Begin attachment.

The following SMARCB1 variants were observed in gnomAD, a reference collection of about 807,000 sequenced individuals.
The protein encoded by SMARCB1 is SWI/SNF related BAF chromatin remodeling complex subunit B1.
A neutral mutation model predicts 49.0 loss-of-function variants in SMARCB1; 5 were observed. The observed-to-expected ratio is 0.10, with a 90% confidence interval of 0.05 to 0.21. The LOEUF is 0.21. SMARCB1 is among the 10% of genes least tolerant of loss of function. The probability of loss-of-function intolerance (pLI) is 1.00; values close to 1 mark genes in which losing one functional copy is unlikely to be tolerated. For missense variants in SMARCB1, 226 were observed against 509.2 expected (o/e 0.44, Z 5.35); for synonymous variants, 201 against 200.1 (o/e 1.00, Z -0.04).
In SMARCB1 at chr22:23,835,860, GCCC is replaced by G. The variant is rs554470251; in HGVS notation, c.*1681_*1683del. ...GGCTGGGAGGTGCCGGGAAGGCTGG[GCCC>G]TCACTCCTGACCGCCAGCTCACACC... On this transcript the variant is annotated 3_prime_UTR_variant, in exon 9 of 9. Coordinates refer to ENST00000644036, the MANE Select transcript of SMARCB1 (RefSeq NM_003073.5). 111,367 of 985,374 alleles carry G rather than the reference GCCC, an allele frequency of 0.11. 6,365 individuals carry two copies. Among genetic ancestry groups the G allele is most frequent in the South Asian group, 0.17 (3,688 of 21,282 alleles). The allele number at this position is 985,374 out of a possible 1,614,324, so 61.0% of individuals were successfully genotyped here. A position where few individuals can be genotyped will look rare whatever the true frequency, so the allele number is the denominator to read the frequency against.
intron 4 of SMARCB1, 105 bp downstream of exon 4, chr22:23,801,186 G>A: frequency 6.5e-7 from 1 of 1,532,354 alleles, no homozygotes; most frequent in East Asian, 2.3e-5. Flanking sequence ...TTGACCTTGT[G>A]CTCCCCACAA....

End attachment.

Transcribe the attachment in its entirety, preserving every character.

The following SMARCB1 variants were observed in gnomAD, a reference collection of about 807,000 sequenced individuals.
The protein encoded by SMARCB1 is SWI/SNF related BAF chromatin remodeling complex subunit B1.
A neutral mutation model predicts 49.0 loss-of-function variants in SMARCB1; 5 were observed. The observed-to-expected ratio is 0.10, with a 90% confidence interval of 0.05 to 0.21. The LOEUF is 0.21. SMARCB1 is among the 10% of genes least tolerant of loss of function. The probability of loss-of-function intolerance (pLI) is 1.00; values close to 1 mark genes in which losing one functional copy is unlikely to be tolerated. For missense variants in SMARCB1, 226 were observed against 509.2 expected (o/e 0.44, Z 5.35); for synonymous variants, 201 against 200.1 (o/e 1.00, Z -0.04).
In SMARCB1 at chr22:23,835,860, GCCC is replaced by G. The variant is rs554470251; in HGVS notation, c.*1681_*1683del. ...GGCTGGGAGGTGCCGGGAAGGCTGG[GCCC>G]TCACTCCTGACCGCCAGCTCACACC... On this transcript the variant is annotated 3_prime_UTR_variant, in exon 9 of 9. Coordinates refer to ENST00000644036, the MANE Select transcript of SMARCB1 (RefSeq NM_003073.5). 111,367 of 985,374 alleles carry G rather than the reference GCCC, an allele frequency of 0.11. 6,365 individuals carry two copies. Among genetic ancestry groups the G allele is most frequent in the South Asian group, 0.17 (3,688 of 21,282 alleles). The allele number at this position is 985,374 out of a possible 1,614,324, so 61.0% of individuals were successfully genotyped here. A position where few individuals can be genotyped will look rare whatever the true frequency, so the allele number is the denominator to read the frequency against.
intron 4 of SMARCB1, 105 bp downstream of exon 4, chr22:23,801,186 G>A: frequency 6.5e-7 from 1 of 1,532,354 alleles, no homozygotes; most frequent in East Asian, 2.3e-5. Flanking sequence ...TTGACCTTGT[G>A]CTCCCCACAA....